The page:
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August 21, 2015 12:18 pm

Back to School – How to Protect Your Children

avatar by Shani Verschleiser

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Jewish students. Photo: Provided photo.

Jewish students. Photo: Provided photo.

Summer is coming to an end; it seems that it goes faster and faster each year. School is almost upon us, and if you’re like most mothers you have your checklist written out or in your phone under Notes. School supplies, done; uniforms, done; paid for school lunch, pending (if I can convince my kid to eat it). OK, you feel ready; well, have you taken care of their safety? Most of our schools have the best intentions. They want to do right by our children and they make many efforts to make sure they are learning well and have the best possible experiences in school.  

There is, however, an area where many schools drop the ball; whether this is from lack of knowledge, lack of means, or lack of experience, I don’t know. What I do know is that you are your child’s best advocate and the one who can make real change in our children’s safety. It can be very intimidating and even frightening to approach your child’s principal and request certain protocols be implemented, but believe me it’s even more frightening and devastating when abuse occurs on the school’s watch, and knowing it could have been prevented.  

Think about it like this; would you ever go over to someone on the street (even a Jew) and ask them to please guard your wallet or diamond ring for about 6-8 hours and say you’ll be back to pick it up? Most of us would not, however, we don’t think twice when we drop off our most precious jewels, our children, at school, at camp, at Sunday programs, at boys choirs practice, etc., without so much as a single question about their safety.  

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We at Magenu believe it is very important to speak to your children about personal safety, safe and unsafe touches, trusted adults, no secrets etc., but always keep in mind that those children will make mistakes. The onus is not on them, but rather on the adults in their lives.  

Therefore, I am asking all of our parents and trusted adults to please protect them. How do you do this? Well, I can tell you that screaming and demanding is not the way (no one wants to hear from the “crazy” mommy who’s screaming and crying. Believe me, I know this all too well because I was her and it wasn’t pretty). Put together a list of what you’d like to ask, and make an appointment with the principal. Calmly discuss what you would like to see happen and why you feel it is so important. School staff work with children all day as their life’s work, I’m pretty sure they believe children are important as well.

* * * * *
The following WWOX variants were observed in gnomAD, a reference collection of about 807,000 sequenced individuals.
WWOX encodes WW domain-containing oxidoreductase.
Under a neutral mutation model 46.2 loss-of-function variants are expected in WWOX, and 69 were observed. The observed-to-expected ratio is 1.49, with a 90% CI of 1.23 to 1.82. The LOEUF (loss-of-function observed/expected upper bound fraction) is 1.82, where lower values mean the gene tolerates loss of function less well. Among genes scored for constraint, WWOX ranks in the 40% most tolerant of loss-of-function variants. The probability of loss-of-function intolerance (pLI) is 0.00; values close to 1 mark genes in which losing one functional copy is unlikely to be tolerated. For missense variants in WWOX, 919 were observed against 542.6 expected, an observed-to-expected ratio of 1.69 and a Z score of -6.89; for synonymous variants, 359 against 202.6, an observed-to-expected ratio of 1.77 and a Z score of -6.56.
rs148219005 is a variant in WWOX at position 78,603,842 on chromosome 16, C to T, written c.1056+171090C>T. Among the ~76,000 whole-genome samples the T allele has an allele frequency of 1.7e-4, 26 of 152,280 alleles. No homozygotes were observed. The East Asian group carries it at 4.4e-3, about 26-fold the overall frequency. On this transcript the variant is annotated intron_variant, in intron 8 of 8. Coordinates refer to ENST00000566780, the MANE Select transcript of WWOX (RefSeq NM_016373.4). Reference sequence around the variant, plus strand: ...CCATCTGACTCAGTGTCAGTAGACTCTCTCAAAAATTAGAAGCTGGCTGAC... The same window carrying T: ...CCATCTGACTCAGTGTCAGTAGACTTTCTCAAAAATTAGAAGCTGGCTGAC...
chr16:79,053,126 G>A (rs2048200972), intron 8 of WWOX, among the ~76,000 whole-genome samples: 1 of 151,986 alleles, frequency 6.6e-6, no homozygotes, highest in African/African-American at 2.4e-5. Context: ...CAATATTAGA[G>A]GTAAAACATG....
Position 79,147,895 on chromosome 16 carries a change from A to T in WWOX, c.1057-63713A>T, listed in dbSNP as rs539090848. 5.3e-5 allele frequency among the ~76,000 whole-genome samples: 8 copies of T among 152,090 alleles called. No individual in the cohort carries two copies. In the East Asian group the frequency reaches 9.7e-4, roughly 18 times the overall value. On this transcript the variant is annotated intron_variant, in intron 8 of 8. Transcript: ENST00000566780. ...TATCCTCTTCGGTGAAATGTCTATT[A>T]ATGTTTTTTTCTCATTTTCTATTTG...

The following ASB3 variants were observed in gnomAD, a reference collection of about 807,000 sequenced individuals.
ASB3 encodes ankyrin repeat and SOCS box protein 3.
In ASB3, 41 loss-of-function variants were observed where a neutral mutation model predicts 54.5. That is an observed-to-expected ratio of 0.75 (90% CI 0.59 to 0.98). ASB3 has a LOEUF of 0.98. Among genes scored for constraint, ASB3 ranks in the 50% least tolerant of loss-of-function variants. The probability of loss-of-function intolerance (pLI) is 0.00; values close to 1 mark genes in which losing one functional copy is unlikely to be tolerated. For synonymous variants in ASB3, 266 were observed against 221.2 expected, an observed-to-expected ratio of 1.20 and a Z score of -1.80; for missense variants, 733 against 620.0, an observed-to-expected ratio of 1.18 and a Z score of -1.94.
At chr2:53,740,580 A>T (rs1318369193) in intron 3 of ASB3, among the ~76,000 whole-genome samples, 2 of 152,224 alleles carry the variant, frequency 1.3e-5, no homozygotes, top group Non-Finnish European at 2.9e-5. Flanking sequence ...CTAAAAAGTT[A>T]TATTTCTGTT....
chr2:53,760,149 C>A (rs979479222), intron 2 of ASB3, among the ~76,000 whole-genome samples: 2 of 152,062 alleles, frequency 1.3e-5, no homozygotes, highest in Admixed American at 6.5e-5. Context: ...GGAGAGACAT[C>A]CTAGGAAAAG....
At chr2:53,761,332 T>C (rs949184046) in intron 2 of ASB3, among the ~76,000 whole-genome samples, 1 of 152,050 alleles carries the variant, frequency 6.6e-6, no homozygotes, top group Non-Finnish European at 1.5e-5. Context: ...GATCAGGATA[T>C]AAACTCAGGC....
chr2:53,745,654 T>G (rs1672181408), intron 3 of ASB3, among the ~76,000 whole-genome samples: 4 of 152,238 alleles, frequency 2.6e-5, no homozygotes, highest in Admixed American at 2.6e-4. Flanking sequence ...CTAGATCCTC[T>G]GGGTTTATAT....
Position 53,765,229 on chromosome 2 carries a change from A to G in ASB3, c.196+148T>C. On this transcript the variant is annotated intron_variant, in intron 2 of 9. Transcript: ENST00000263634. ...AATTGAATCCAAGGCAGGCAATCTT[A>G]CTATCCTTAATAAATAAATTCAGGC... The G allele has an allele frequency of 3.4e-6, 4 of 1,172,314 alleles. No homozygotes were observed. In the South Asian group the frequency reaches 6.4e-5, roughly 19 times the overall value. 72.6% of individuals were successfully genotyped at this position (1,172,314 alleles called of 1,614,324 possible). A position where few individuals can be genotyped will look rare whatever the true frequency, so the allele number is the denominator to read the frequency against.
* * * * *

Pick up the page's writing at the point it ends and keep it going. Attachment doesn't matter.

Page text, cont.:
Here are some examples of what you may want to know:

  • What are hiring practices in the school? Reference checks? Background checks? What about substitutes, therapists etc.?
  • Are teachers trained in child abuse indicators, possible disclosures, and mandated reporting guidelines?
  • Are there behavioral standards that all staff in the school are required to adhere to, and if they do not, what are the steps taken?
  • Does every room in the school have a window so others can see in (this includes therapy rooms, janitor closets etc.)? If not, is there a camera in that specific room?
  • Are there cameras set up in places in the school that cannot be easily seen, such as stairwells or hallways?
  • Do the older kids and younger kids have separate bathrooms?
  • What are the protocols for pick-up of students? Is there a list of who can and who can’t? If someone shows up who is not on the list, do they call you?
  • Is staff ever allowed to be one on one with a student such as going out of school for pizza as a treat or being pulled out of class for a special project? If so what are the rules surrounding that?

These are just some examples of topics that all youth serving organizations need to think about. It’s very difficult for us to accept that times are what they are, but unfortunately burying our heads in the sand is one method that is proven to be ineffective. Remember, what attracts wonderful amazing teachers also attracts predators and child molesters.  

Our goal is to never accuse, but to be aware and protective.  The motto should always be trust and verify. Rome was not built in a day, but the more we ask, the more we expect, the more we advocate for our own children, the safer all our Jewish children will be. The scary truth is, if something does occur, where will you be left? You never even asked!

Learn more: www.Magenu.org, on Facebook, on Instagram

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